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Old 05-14-2021, 04:13 PM   #1
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Flexible vs. Rigid Solar Panels

Hello all!

We're evaluating our solar panel options, and I'm intrigued by the flexible Allpowers 100W monocrystalline panels. (5.56A, 18V) They only weigh 7lbs!
They're about $190 each (41" x 21"), but my thought would be that they could be rounded on the roof so that we could get sun sooner, and later, and have less weight on the bus.

BUT, do you think we'd actually be losing out on prime mid-day/overhead sun to charge the solar by having a few of the cells anchored to the edge area of the bus roof? (I don't think so, but would rather ask than assume!)

Our plan would be to drill the flexible panels into the roof with nylon washers, and be done. If we go with rigid panels, we'll have to add framing for a platform, which would be more weight for framing and for rigid panels.

It doesn't seem like many use the flexible panels. Is this because they're new-ish or more expensive?

Thank you!

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Old 05-14-2021, 04:52 PM   #2
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More expensive, almost double. They are less durable to tree and branch damage. Otherwise they are as efficient as hrd panels. Some have raised dots on the surface to promote gathering of light.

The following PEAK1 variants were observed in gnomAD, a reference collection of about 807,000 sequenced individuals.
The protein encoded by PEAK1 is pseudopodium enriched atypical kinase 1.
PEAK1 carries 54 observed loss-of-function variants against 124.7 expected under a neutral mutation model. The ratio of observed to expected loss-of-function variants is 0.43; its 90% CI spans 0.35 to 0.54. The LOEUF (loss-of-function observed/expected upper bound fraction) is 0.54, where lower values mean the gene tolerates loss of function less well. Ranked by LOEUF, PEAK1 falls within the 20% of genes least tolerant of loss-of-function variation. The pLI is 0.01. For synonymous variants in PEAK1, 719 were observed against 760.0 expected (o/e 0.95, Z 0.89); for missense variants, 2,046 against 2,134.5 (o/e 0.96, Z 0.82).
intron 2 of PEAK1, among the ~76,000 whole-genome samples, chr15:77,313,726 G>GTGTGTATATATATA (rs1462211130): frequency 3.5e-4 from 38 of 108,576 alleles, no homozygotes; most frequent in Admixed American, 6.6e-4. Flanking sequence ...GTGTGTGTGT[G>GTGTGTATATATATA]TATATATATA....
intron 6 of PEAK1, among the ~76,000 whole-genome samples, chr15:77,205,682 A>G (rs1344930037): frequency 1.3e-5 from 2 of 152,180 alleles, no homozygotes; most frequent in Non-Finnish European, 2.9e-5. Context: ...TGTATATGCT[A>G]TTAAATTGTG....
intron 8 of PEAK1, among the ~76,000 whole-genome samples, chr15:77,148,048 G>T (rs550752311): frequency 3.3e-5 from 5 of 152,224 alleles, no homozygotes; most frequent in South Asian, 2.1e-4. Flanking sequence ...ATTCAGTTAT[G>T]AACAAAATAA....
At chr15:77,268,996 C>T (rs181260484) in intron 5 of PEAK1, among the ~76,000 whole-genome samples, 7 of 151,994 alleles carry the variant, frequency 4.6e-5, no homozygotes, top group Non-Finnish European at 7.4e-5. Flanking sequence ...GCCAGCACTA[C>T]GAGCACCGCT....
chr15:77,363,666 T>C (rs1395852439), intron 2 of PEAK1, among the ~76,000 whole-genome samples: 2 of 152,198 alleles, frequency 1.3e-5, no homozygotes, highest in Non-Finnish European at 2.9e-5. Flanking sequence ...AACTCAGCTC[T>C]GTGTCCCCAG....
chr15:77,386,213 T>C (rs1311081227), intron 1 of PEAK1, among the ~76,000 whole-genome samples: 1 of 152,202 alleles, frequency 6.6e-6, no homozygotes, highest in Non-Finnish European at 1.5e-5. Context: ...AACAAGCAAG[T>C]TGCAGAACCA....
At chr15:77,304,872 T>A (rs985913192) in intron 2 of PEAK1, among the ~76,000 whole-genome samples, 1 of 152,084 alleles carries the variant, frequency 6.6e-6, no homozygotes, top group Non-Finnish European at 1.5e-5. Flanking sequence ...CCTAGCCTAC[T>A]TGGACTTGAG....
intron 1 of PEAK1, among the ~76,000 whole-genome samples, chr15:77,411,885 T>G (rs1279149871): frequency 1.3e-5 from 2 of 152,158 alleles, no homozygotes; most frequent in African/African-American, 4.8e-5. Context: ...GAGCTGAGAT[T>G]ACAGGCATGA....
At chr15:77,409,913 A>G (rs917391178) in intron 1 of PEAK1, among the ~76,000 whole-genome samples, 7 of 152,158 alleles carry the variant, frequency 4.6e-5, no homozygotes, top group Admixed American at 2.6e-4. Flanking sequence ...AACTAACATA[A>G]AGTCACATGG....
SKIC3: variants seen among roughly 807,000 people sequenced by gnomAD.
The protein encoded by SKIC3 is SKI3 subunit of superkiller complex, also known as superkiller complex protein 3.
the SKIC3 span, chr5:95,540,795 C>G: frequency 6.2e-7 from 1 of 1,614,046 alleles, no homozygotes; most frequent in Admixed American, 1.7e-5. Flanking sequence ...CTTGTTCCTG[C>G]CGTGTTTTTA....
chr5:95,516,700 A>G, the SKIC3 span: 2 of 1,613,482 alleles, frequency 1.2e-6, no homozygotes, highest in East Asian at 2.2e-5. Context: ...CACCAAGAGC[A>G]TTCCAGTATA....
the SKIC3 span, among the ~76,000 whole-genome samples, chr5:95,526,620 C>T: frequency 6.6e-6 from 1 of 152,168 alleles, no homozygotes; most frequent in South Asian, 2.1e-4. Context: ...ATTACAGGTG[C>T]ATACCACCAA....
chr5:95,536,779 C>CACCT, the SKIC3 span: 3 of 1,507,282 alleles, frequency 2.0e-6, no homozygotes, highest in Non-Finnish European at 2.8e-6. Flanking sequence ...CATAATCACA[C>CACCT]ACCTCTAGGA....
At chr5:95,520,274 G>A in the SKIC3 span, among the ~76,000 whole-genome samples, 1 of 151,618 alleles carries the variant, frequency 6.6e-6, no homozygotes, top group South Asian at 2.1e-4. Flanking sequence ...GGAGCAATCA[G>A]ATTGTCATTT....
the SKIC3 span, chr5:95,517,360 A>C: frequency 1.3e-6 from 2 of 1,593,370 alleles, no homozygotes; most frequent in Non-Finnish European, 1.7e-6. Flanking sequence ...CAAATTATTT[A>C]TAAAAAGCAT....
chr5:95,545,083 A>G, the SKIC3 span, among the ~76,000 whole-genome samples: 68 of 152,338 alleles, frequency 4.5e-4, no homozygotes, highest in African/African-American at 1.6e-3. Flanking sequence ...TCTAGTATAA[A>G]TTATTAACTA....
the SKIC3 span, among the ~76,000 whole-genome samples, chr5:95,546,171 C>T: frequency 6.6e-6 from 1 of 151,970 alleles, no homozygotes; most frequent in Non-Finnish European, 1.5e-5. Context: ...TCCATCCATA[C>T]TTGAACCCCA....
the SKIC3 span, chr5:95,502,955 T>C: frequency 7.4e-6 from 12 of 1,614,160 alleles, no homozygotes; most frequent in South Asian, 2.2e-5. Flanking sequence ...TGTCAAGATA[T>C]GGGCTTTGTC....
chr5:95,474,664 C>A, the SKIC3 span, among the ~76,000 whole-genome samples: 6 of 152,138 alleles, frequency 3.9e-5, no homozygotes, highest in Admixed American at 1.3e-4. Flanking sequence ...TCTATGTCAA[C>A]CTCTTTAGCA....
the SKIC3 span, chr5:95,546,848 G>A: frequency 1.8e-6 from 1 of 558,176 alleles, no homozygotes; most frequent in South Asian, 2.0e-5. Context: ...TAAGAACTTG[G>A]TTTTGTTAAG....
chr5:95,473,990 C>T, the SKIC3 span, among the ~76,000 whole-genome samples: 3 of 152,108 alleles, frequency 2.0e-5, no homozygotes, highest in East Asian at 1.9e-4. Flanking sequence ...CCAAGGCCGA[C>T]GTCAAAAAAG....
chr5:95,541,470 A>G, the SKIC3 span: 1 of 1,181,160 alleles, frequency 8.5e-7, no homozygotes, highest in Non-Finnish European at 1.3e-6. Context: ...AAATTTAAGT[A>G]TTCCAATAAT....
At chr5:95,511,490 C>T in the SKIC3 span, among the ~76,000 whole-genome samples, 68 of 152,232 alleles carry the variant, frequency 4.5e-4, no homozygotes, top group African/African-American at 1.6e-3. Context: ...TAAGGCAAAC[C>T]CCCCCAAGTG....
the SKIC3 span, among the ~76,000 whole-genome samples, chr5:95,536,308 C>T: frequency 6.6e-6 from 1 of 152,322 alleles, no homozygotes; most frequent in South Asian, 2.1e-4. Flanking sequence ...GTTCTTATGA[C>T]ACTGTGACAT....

I Thank God That He Gifted Me with Common Sense
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Old 05-14-2021, 05:07 PM   #3
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Flexible panels also have a reputation for not lasting as long, although this applies to any panel that doesn't stay cool enough.

Will Prowse just did a video this week on 250W panels he found for $50 / pop, there are lots of after market/second market panels out there for very cheap that perform well.
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Old 05-14-2021, 05:24 PM   #4
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They last only a few years at best. Also output is typically not quite as good.

Go for rigid ones, its worth it.

The SanTan solar used polycrystalline ones are stupid cheap. I just bought another batch.
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Old 05-14-2021, 07:26 PM   #5
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The flex ones do not last, even if properly installed, with no flexing
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Old 05-14-2021, 11:38 PM   #6
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Location: Bly Oregon